Copyright 2005 by Frederick Meekins
Wednesday, April 13, 2005
Tuesday, April 12, 2005
Sunday, April 10, 2005
In going on to his eternal reward, the last profundity Pope John Paul II conveyed to the world was no matter how good we might be as individuals death will eventually come to embrace us all. And as we all stop for a moment to ponder our earthly demises, it is only natural to consider the ultimate disposition of our physical remains. But whereas those of the Pope’s will always be properly honored as befitting someone of his stature, often the remainder of us don’t get even the minimal respect we deserve as human beings having once walked this earth as creatures made in the image of God.
My family went to the Fort Lincoln Cemetery in suburban Maryland on Easter Sunday to pay respects to my mother’s brother interned there. It would be an understatement to say we were in for an “Easter surprise” we would never forget.
Traditionally, cemeteries are noted for their meticulous upkeep in order to facilitate reflection and put the visitor’s mind at ease. However, from the conditions prevailing at this memorial garden, one would be safe to say local junkyards, garbage dumps, and sewage treatment plants receive more conscientious care.
We were first unsettled by the unsightly mud tracks left behind from the grass being torn up from having been driven over by a heavy piece of equipment. However, the extent of the damage went much further.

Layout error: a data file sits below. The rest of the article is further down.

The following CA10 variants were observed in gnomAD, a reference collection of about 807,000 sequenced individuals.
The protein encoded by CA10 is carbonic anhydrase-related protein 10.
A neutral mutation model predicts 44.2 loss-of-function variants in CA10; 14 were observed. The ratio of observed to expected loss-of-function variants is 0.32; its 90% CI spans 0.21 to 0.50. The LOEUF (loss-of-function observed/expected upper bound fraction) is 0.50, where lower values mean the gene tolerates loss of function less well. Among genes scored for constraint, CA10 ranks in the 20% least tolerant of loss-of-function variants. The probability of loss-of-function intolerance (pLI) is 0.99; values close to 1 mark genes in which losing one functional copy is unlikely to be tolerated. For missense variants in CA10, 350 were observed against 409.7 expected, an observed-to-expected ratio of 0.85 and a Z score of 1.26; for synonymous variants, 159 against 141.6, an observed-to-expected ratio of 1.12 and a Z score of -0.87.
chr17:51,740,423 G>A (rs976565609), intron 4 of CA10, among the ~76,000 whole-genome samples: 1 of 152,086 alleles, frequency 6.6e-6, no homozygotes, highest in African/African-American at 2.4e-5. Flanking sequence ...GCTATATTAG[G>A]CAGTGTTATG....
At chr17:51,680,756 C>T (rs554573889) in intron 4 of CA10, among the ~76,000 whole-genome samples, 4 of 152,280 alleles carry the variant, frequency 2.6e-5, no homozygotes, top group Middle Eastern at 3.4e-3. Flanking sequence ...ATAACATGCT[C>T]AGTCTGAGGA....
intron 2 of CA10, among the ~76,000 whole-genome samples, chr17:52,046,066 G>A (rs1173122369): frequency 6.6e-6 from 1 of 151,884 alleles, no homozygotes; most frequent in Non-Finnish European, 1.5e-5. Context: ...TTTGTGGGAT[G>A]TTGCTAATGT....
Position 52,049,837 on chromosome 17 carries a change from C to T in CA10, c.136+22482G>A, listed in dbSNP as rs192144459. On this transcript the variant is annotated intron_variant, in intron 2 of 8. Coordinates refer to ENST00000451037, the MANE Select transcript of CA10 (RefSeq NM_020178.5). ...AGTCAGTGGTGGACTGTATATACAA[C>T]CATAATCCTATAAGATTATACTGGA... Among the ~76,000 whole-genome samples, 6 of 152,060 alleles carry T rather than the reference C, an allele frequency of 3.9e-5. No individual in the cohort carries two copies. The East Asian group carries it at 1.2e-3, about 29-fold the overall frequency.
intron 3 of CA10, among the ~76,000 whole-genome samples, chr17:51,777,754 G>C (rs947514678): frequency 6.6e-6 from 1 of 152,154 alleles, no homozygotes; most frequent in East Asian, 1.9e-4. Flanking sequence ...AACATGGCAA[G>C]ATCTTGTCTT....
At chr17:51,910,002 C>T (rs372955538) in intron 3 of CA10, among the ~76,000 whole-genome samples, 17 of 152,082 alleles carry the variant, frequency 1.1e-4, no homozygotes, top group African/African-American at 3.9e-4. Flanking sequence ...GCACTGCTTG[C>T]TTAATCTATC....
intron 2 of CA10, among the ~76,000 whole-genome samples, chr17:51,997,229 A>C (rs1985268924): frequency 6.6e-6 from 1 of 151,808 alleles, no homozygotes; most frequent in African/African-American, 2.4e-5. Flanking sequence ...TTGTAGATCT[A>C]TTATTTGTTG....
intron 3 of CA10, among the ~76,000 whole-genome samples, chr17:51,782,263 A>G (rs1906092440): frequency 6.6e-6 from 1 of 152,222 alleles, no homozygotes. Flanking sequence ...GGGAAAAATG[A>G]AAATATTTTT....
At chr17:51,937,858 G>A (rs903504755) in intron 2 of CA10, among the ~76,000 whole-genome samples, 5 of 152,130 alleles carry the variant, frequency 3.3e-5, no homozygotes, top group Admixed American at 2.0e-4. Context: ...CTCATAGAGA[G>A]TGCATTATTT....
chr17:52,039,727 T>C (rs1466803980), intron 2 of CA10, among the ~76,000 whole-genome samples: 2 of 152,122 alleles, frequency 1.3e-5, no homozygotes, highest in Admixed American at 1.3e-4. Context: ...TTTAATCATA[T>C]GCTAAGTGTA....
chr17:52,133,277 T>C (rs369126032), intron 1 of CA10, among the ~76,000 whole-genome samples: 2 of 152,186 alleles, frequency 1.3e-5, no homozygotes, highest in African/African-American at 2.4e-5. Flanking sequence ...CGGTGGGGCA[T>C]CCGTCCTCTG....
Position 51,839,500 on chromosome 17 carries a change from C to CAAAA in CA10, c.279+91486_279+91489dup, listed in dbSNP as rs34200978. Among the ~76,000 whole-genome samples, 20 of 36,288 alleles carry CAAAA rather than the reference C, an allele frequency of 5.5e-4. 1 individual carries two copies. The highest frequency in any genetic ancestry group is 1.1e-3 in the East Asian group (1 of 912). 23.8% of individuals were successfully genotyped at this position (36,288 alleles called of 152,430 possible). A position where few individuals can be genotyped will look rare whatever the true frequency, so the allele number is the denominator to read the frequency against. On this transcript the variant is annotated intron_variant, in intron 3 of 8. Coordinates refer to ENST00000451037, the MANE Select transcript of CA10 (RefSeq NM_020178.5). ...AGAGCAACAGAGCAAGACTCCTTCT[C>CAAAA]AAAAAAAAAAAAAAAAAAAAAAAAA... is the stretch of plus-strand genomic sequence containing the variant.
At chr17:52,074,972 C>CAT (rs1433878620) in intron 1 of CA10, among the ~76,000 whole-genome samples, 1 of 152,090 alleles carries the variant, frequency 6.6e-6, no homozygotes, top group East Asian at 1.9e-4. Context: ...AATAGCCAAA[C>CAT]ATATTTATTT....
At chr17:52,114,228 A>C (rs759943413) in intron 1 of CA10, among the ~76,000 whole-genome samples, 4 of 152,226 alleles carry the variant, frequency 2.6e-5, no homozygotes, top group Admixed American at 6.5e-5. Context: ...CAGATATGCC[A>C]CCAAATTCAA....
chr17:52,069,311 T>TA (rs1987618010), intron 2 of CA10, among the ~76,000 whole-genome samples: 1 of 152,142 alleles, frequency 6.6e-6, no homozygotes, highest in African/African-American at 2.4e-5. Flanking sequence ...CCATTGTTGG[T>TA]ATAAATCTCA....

Grave markers were bent, indicating they had been carelessly run over by the same mechanical behemoth that had trod the grass asunder. Some memorial plaques were torn out of the ground and a number of headstones knocked over. Vases were either damaged and or missing from their respective sites. Other graves were obstructed by caked on mud, obscuring the record of their occupants ever having walked the earth.
This damage was not confined to one block of the premises but was rather endemic throughout the property. Do cemetery administrators plan to contact the families of those whose graves they have defiled, apologize for their shoddy workmanship, and make repairs or restitution as the honorable would? Or are they gambling their transgressions will go unnoticed since cemetery visitation is itself a dying tradition with the upcoming generation preferring those gaudy roadside cross displays and stuffed animal shrines.